Moneyball does an amazing job of satisfying both the avid moviegoer and sports enthusiast. At first I was hesitant when I found out they were making a film based on Michael Lewis’ acclaimed baseball book based on Billy Beane and his nearly perfected scouting strategy. I couldn’t see how they would take a very good story that certainly would have made an amazing sports documentary for ESPN’s 30 for 30 and turn it into a full-length feature.

My hesitant feelings were put to rest when I saw that Brad Pitt was attached to play Billy Beane. I knew he was the perfect person to portray the renegade general manager who changed sports history. And when I heard that Aaron Sorkin (The Social Network) worked on the screenplay and Bennett Miller (Capote) would direct, I saw a Best Picture Oscar nod waiting in February.

Moneyball is a film with great overall balance, and the acting is incredible. The chemistry between Pitt and Jonah Hill (Superbad, Cyrus) steals the show. From the moment the duo appears on screen, you feel like you are watching a real relationship between a driven boss (Pitt’s Beane) and his apprentice (Hill’s Peter Brand). Pitt is incredible in the role that should garner him even more recognition for his talents, while Hill shows that he has the chops to be taken seriously.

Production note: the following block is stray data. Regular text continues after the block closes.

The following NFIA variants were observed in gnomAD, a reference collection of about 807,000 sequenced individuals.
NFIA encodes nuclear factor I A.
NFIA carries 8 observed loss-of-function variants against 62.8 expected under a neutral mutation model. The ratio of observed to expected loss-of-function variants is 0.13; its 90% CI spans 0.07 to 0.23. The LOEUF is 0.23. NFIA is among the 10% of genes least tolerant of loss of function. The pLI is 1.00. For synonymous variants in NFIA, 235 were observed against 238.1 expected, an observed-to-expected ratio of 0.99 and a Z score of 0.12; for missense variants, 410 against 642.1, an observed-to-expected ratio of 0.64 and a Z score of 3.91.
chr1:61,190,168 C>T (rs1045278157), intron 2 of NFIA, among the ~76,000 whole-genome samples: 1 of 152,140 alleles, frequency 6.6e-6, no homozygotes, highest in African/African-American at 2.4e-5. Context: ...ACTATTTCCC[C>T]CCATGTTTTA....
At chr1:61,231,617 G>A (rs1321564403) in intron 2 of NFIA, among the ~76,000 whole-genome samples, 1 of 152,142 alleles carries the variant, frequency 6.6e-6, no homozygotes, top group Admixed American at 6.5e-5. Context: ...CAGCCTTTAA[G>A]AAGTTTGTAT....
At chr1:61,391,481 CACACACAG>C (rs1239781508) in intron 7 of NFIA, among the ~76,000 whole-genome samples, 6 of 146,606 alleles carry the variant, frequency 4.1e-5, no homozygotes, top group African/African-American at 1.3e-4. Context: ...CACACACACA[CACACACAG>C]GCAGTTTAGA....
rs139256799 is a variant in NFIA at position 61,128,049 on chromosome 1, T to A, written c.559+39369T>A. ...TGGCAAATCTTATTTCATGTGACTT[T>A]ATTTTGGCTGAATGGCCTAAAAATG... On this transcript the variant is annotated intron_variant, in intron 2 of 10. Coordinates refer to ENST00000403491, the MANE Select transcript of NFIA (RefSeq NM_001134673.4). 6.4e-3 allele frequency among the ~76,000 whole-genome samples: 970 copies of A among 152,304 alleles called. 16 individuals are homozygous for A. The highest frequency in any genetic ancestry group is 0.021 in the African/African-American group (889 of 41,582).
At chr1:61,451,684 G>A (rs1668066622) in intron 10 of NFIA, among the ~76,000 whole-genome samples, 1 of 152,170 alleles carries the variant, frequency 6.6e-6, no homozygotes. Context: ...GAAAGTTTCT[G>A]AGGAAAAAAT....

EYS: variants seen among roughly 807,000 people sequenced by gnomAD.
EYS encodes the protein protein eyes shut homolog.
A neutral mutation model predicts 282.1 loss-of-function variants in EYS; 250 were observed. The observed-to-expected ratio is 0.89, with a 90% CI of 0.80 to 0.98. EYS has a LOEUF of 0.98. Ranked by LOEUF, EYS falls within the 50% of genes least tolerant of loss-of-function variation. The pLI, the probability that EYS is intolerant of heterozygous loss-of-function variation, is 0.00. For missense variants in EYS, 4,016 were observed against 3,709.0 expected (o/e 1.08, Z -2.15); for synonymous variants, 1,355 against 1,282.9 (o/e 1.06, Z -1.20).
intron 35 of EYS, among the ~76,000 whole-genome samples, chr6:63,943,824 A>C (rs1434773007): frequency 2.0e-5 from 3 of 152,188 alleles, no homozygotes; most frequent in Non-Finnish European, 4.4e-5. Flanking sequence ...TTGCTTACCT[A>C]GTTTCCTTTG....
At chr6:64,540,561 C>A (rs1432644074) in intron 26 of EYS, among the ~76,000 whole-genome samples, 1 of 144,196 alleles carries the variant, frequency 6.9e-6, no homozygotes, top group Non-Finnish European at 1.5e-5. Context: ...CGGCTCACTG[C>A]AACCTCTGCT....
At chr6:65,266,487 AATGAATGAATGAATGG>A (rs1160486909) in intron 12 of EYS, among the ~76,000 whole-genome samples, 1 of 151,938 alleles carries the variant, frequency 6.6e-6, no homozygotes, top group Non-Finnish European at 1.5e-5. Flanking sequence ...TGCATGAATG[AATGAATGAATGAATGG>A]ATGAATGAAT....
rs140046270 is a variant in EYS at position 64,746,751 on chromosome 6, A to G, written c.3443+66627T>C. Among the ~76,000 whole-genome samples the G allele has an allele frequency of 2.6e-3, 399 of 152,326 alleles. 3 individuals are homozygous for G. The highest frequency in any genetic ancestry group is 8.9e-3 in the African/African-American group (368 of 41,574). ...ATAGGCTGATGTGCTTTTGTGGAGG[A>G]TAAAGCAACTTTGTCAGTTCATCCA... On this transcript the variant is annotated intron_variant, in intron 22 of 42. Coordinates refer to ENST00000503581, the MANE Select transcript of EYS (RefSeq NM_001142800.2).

Miller successfully captures the duo’s journey in how they perfected a way to scout and harness unwanted talent, bringing the players together on a team and make them into champions. You’ve seen this theme in many sports films like Bad News Bears and The Mighty Ducks, but this time the story is true – Beane and Brand really did revolutionize baseball. If you are an avid sports fan and enthusiast you remember watching the Oakland A’s in 2002. Moneyball transports you back to the time, and by the film’s end you’ll want to stand up and cheer.